McDonald's sees bright future in less growth, more $1 meals

CEO says he's optimistic about ending 2-year slide

October 27, 2002|By BLOOMBERG NEWS

NEW YORK - McDonald's Corp. Chief Executive Officer Jack Greenberg says he knows how to halt a two-year profit slide at the world's largest hamburger chain: curb expansion, spruce up restaurants and sell more $1 sandwiches.

"We are very confident in the future," Greenberg said recently at the opening of a Times Square outlet that featured dancers from the Broadway show 42nd Street and mascot Ronald McDonald as master of ceremonies.

Investors are less optimistic about Greenberg's plan to bolster sales and profit by spending as much as $400 million on renovations and including celebrities such as Donald Trump in advertisements.

McDonald's shares tumbled to a seven-year low when the proposals were announced last month, and investors are saying Greenberg has to show results soon or risk being replaced.

`Give him a year'

"We give him a year, and then we'd hope there would be enough people like us who would be so disappointed that the board would feel the pressure," said Jean-Marie Eveillard, who helps manage $3.5 billion at Arnhold & S. Bleichroeder Inc., including 1.4 million McDonald's shares.

McDonald's third-quarter profit fell 11 percent to $486.7 million, or 38 cents a share, from $545.5 million, or 42 cents a share, a year earlier, McDonald's reported last week. It was the seventh decline in the last eight quarters.

Greenberg's plan to invest in U.S. restaurants is his latest step that doesn't go far enough to address concerns about food quality and poor customer service at McDonald's 13,000 restaurants in the U.S., investors said.

"I don't know what will turn it around," said William Cottrell of the Ohio State Teachers Retirement System, which owns 2.5 million McDonald's shares and manages about $46 billion. "Clearly, he doesn't seem to be the guy to do it."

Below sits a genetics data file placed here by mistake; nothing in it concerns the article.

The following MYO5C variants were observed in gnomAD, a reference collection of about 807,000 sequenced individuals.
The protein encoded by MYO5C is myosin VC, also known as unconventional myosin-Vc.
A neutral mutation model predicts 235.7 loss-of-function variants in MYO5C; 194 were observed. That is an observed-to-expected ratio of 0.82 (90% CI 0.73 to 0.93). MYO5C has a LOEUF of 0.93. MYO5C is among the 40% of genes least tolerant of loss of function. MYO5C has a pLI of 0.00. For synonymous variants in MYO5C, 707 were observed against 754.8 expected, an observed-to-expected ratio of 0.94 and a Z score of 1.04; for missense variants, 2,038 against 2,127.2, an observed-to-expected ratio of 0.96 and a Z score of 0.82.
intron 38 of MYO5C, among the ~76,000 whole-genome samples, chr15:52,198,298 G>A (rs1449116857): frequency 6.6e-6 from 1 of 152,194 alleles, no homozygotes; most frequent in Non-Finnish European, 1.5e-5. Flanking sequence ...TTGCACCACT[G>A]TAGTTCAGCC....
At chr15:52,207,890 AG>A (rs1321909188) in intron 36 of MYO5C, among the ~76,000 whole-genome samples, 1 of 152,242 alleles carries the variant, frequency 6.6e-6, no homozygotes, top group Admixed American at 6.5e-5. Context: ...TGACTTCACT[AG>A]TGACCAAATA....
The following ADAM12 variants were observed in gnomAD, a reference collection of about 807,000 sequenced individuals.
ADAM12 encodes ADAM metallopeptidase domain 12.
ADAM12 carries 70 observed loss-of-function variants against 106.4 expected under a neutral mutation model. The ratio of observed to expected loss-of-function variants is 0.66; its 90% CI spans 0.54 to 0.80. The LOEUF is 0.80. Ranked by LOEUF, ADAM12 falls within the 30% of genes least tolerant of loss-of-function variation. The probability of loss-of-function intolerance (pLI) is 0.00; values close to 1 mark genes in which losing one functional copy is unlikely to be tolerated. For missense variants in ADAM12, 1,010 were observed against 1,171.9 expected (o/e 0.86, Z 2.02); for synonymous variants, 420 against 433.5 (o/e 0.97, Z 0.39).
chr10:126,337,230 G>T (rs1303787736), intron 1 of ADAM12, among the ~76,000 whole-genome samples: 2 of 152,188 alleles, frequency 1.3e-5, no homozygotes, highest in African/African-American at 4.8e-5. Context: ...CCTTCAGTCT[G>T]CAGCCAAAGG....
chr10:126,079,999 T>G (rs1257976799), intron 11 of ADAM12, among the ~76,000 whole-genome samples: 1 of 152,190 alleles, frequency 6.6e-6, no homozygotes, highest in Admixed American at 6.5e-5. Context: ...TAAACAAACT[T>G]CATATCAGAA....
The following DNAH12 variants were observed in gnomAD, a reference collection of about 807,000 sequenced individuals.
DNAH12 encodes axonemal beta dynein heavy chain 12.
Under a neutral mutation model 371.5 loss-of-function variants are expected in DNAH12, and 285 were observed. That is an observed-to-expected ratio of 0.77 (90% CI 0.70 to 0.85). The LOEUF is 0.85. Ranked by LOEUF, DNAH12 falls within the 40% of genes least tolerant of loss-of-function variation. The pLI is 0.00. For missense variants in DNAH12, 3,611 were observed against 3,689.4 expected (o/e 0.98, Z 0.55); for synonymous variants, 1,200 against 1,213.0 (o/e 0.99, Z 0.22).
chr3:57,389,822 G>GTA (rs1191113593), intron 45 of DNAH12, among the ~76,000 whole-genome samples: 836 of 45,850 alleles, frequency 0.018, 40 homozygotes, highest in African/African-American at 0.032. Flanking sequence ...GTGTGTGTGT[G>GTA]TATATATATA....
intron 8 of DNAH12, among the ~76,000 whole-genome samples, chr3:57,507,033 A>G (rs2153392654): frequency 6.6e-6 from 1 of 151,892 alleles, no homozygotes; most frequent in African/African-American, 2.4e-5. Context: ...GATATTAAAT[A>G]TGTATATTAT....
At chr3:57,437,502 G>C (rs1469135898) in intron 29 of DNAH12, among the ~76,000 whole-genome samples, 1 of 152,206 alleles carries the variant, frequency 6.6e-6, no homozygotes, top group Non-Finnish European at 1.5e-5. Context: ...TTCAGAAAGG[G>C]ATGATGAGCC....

McDonald's customized "Made for You" cooking system lengthened lines, new salads failed to boost sales the way rival Wendy's International Inc.'s Garden Sensations line did, and the planned switch to more-healthful cooking oils received more ridicule than applause.

The Standard & Poor's 500 Restaurants Index, which includes McDonald's, fell 26 percent in the quarter. McDonald's shares are near their lowest level since September 1995.

McDonald's might need to go outside the company for someone who will generate more-extensive changes while capitalizing better on its worldwide brand identity, investors said.

Greenberg, 60, a former accountant who has been with the company for 20 years, is McDonald's fifth chief executive since its founding in 1955. Greenberg declined to be interviewed.

In a filing with the Securities and Exchange Commission in March, McDonald's said Greenberg had been asked by the board to commit to at least three more years. His salary and bonus fell 5.2 percent to $2.83 million last year, though he received options for shares valued at about $21 million.

The mad-cow effect

McDonald's has been hurt by challenges that are out of Greenberg's control, such as fear of mad-cow disease in Europe. The market share of hamburger chains among fast-food restaurants has fallen to 35.3 percent last year from 37.1 percent in 1997, according to Technomic Inc., a Chicago-based research company.

Casual-dining chains such as Panera Bread Co. have eroded McDonald's sales as aging baby boomers become more health-conscious and turn away from fast food while eating out.

"Having a lynching of Jack Greenberg might make people feel better but won't necessarily solve their problems," said Lawrence Creatura, a money manager at Clover Capital Management who helps oversee about $1.8 billion in assets, including 14,000 McDonald's shares.

McDonald's, which has more than 30,000 restaurants in 121 countries, also said it would slow expansion. The company plans to open 600 traditional McDonald's restaurants worldwide next year, down from 1,050 this year.

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